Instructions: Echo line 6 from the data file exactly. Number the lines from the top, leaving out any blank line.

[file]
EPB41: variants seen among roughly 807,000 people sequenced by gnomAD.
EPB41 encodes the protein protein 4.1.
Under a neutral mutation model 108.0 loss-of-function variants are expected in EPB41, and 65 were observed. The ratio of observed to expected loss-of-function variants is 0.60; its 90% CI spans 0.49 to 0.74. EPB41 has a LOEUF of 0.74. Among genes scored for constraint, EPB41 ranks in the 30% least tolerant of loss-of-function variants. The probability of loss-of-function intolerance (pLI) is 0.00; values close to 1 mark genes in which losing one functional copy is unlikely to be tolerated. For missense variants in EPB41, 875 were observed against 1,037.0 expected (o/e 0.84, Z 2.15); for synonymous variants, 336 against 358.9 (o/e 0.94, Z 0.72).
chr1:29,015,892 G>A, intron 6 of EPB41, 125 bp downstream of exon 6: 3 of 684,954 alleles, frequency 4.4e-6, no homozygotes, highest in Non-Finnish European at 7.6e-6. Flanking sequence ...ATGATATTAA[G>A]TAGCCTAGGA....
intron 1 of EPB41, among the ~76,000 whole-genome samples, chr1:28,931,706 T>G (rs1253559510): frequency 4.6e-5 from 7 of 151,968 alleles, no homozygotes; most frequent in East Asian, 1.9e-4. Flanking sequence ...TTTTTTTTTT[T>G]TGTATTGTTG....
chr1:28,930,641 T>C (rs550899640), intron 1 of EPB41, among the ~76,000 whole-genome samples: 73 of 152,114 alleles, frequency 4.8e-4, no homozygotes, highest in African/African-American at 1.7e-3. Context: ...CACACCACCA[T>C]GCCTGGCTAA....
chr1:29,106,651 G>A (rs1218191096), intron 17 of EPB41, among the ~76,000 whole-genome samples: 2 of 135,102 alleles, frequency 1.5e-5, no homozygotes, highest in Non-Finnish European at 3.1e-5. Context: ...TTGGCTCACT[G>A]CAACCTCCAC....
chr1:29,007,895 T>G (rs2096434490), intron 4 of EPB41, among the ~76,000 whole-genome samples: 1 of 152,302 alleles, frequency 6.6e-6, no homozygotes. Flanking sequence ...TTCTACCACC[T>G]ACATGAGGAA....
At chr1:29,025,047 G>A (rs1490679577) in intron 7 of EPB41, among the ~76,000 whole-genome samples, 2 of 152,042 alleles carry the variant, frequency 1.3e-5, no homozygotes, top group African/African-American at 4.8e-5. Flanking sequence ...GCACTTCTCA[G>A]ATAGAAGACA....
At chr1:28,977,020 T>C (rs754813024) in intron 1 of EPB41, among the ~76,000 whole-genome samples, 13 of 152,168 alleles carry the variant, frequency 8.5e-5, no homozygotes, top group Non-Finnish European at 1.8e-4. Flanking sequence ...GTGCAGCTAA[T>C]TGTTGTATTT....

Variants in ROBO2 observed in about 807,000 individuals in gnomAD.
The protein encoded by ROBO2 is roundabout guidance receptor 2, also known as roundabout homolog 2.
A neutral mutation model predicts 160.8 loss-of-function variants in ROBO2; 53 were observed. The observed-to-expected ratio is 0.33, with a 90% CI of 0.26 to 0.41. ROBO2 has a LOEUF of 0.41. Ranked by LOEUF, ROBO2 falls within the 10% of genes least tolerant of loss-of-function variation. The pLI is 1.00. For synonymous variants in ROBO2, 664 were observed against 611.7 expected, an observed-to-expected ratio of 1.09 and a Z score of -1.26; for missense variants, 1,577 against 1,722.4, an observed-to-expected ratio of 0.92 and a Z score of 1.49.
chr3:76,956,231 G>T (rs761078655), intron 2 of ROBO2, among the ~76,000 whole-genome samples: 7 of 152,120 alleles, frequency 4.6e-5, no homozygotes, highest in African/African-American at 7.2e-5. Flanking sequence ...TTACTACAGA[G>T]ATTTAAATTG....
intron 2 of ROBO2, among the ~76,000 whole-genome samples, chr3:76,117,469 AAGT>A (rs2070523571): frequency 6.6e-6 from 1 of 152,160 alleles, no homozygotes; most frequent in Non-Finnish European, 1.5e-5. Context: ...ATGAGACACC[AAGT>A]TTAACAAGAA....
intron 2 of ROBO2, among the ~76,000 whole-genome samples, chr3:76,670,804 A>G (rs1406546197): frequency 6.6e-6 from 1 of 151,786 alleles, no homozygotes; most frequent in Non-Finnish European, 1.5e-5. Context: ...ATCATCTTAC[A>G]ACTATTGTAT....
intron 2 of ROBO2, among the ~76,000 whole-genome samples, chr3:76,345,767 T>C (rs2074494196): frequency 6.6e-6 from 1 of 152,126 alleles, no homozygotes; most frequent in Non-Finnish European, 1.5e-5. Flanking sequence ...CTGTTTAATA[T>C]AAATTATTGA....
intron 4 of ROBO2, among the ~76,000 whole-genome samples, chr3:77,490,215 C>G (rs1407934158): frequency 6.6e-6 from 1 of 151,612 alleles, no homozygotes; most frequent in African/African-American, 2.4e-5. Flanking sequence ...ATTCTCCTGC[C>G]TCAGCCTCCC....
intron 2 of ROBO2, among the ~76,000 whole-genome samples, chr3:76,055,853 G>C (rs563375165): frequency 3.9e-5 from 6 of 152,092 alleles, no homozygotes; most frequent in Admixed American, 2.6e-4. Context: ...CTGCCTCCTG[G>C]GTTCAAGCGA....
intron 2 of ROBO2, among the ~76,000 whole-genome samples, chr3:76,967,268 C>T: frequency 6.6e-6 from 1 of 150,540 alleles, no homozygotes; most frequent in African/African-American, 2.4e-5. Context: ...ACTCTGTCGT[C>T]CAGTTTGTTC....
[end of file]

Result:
chr1:28,930,641 T>C (rs550899640), intron 1 of EPB41, among the ~76,000 whole-genome samples: 73 of 152,114 alleles, frequency 4.8e-4, no homozygotes, highest in African/African-American at 1.7e-3. Context: ...CACACCACCA[T>C]GCCTGGCTAA....